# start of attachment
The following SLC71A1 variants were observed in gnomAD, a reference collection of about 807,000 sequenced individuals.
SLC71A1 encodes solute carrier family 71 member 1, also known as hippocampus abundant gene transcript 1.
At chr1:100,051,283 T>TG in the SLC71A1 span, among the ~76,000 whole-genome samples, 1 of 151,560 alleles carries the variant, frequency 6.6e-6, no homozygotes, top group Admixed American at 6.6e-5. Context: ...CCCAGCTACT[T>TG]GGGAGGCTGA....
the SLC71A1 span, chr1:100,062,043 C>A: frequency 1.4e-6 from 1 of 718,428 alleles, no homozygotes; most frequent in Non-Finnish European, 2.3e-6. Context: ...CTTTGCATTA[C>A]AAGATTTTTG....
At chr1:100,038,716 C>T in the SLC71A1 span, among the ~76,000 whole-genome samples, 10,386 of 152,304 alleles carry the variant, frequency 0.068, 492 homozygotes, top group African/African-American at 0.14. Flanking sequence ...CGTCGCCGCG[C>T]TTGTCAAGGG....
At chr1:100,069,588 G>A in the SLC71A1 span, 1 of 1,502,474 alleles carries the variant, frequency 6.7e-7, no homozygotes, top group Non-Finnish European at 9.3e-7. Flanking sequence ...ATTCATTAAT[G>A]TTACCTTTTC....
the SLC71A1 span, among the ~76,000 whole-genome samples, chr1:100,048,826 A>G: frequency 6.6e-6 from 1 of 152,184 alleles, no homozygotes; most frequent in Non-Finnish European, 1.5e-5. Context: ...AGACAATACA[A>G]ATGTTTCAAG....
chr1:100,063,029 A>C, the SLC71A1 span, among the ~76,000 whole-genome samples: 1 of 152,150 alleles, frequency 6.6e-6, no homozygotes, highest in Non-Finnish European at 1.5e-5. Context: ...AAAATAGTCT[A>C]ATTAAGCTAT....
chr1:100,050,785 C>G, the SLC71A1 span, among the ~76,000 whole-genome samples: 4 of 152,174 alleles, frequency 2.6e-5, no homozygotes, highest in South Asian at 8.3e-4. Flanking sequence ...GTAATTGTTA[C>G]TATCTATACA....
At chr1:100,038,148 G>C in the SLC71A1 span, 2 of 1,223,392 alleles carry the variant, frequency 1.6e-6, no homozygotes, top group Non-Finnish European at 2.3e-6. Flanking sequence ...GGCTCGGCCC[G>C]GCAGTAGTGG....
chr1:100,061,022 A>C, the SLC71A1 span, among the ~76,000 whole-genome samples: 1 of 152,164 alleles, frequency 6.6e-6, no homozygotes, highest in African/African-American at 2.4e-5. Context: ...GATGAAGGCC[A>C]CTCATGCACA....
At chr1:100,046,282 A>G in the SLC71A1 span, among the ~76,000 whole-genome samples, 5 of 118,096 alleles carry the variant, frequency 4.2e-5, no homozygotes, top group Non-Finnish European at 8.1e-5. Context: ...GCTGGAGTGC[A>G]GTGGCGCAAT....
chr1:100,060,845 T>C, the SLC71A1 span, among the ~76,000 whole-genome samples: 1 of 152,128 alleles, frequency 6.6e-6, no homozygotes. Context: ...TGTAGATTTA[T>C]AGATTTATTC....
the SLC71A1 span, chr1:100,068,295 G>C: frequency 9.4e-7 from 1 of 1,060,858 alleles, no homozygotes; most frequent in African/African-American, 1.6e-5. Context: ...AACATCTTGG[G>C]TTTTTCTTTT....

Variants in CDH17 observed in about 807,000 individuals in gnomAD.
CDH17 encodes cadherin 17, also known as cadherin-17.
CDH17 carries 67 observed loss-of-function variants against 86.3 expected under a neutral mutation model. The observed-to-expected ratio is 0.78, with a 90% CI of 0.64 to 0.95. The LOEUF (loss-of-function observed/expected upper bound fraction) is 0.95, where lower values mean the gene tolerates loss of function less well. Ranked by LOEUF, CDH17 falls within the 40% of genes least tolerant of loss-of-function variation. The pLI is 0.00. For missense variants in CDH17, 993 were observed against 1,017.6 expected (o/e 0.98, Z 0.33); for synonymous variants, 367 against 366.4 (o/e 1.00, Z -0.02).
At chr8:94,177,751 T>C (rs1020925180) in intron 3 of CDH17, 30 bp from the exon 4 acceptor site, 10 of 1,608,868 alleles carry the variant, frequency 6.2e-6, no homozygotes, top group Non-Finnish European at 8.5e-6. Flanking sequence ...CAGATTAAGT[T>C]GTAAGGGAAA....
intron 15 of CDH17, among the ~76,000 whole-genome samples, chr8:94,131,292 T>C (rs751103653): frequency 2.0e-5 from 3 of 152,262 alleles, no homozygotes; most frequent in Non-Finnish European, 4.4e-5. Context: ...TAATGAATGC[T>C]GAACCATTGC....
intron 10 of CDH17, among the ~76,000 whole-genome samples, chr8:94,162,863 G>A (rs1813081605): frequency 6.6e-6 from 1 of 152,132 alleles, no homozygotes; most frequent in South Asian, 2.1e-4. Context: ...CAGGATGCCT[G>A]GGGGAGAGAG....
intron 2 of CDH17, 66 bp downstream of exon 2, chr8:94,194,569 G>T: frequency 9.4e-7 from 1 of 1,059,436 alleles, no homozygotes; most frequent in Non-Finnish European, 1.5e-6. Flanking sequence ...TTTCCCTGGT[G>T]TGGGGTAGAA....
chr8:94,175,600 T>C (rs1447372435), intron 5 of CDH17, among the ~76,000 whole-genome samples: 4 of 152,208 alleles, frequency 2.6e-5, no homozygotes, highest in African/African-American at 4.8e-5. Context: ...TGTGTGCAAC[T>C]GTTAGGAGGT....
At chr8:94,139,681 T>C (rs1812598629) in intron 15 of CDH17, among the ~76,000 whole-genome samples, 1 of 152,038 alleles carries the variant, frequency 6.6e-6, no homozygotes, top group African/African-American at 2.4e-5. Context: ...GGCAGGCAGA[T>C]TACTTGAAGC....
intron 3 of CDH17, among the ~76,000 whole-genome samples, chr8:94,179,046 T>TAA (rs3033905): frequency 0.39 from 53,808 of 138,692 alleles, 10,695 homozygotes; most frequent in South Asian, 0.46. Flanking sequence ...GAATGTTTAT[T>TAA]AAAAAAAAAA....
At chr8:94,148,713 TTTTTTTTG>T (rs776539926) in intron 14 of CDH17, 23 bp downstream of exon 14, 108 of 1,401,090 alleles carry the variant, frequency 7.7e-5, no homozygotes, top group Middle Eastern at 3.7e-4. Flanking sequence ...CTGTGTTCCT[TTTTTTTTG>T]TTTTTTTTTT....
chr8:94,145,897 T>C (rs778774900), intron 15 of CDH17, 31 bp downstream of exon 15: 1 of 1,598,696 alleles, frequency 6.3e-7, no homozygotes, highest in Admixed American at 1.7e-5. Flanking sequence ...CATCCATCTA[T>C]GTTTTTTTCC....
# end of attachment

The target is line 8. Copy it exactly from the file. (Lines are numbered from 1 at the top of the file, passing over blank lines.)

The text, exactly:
chr1:100,063,029 A>C, the SLC71A1 span, among the ~76,000 whole-genome samples: 1 of 152,150 alleles, frequency 6.6e-6, no homozygotes, highest in Non-Finnish European at 1.5e-5. Context: ...AAAATAGTCT[A>C]ATTAAGCTAT....